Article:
How many of the emails you receive do you open? And how many of your emails do you act on? What can you do to improve the chances of reaching through with the emails you send?
In this post we'll focus on email marketing management. Open-rate is defined as a measure of how many people on an email list open (or view) a particular email. A number of factors come into play. In an article by Campaign Monitor, your open rate is affected by things like the size of your list, your type of business and your relation to the target audience. On a general basis you can increase your chances of reaching through by including details about the content of the email right in the subject line, and get the important content at the top of your email since pre-view functions gives the opportunity for a reader to quickly judge if your email is worth opening. A rule of thumb is to tell what's inside your email, not sell.
So, what about timing?
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Wordstream provided some interesting insights last year. On a general basis, there are some clear don'ts you should pay attention to: "Mad Mondays" – The general consensus is that you should avoid sending out email blasts on Mondays. People march into the office and are flooded with emails they’ve collected over the past few days. What’s the first thing they do? Delete most of those emails of course. For almost the same reason, weekends should be avoided.
Tuesday, Wednesday, and Thursday have traditionally been favourite days to send email campaigns, as email marketers seek to avoid the Monday angst and Friday’s itchy-feet. The tried-and-true traditional approach of sending out email campaigns in the middle of the week and in the middle of the day tends to do pretty well.
Now, if everybody knows this, you’re facing a ton of competition by sending out emails on the “recommended” days and times. Also, the standard mid-week, mid-day makes perfect sense for desktop users who are opening emails at work. Mobile users, on the other hand, tend to be pretty active even late in the evening.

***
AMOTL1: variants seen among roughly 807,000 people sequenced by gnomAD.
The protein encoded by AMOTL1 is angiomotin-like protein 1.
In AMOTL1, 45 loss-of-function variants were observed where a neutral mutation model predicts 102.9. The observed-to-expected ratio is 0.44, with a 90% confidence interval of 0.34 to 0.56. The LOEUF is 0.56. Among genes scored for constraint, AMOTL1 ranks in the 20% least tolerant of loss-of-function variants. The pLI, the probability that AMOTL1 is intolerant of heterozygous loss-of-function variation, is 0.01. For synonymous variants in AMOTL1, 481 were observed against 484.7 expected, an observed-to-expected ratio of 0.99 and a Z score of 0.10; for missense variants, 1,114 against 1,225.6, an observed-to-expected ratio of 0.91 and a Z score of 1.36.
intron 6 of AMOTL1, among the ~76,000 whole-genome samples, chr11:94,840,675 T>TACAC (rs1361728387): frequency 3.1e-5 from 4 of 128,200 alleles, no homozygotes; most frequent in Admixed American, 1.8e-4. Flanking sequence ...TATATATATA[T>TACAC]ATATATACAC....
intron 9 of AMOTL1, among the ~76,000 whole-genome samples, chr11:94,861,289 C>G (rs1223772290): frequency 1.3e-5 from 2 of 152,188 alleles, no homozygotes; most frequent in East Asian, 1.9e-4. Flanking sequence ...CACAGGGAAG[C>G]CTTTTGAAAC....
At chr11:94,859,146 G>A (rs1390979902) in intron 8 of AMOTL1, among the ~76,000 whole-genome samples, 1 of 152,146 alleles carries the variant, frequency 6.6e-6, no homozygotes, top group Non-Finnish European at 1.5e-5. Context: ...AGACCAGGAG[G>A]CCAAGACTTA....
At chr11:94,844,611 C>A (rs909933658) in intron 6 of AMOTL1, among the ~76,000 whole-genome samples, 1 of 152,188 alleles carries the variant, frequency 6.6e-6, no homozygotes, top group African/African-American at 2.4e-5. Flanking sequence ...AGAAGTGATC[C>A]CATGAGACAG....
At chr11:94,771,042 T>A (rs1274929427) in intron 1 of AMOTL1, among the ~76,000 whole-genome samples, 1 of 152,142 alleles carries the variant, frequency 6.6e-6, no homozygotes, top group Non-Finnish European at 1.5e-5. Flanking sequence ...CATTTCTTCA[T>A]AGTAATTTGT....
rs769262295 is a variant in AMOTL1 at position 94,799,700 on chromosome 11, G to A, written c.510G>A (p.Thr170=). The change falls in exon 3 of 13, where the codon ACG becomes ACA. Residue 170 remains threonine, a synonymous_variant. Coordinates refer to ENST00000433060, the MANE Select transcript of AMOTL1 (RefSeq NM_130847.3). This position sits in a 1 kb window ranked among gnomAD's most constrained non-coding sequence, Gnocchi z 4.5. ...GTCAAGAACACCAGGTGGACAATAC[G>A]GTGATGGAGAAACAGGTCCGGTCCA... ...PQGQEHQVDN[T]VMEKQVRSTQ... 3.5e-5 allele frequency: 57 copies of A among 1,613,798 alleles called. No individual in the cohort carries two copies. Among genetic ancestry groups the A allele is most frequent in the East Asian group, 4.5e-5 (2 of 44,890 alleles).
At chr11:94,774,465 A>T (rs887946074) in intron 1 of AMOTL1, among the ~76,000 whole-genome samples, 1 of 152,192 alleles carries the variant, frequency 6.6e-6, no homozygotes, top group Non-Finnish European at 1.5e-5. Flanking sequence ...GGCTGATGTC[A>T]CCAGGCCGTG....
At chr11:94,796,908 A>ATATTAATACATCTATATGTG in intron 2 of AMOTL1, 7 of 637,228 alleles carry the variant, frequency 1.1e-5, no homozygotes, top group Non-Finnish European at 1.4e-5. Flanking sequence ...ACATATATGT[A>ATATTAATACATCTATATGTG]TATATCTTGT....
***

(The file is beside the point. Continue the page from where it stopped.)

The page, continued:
Therefore, Wordstream has found that Thursday 8-9 a.m. is the time of the week that works best for them.
GetResponse concludes email campaign success depends upon subscriber engagement. 24% of all email opens happens within the first hour. So in that sense, you can quite quickly judge a prognosis for your campaign success. 24 hours after delivery, the average open rate is close to zero. GetResponse suggests, similarly to Wordstream, that subscribers’ top engagement times are 8 a.m. – 10 a.m. and 3 p.m.- 4 p.m. Since 40% of all emails are sent between 6 a.m. and noon, and therefore emails sent in the early afternoon have a higher chance of being noticed.
Last week, USC Viterbi School of Engineering shared an article on the matter. Although primarily targeting your personal email efficiency, it has value for email campaign timings as well. 90 percent of people respond within a day or two of receiving an email to which they plan to respond. Though most of us are plugged in 24/7, there are optimal times to send emails. The researchers found that emails sent in the morning tend to get longer replies than those in the afternoon.
So, the ultimate answer to the question is "It depends". It depends on the habits of your target audience, the competitive landscape and on your ability to create appealing content. What all resources above have in common is that they share two main recommendations: Make sure you have a saucy, enticing subject line, and TEST.
As you may have noticed, we are testing things out ourselves at Zooma, and will keep you posted on the matter.
Want to learn more about how you can tie pieces together with Inbound? Read the excellent article How to use ads to supercharge your Inbound Marketing by Yeu-Kang Hua.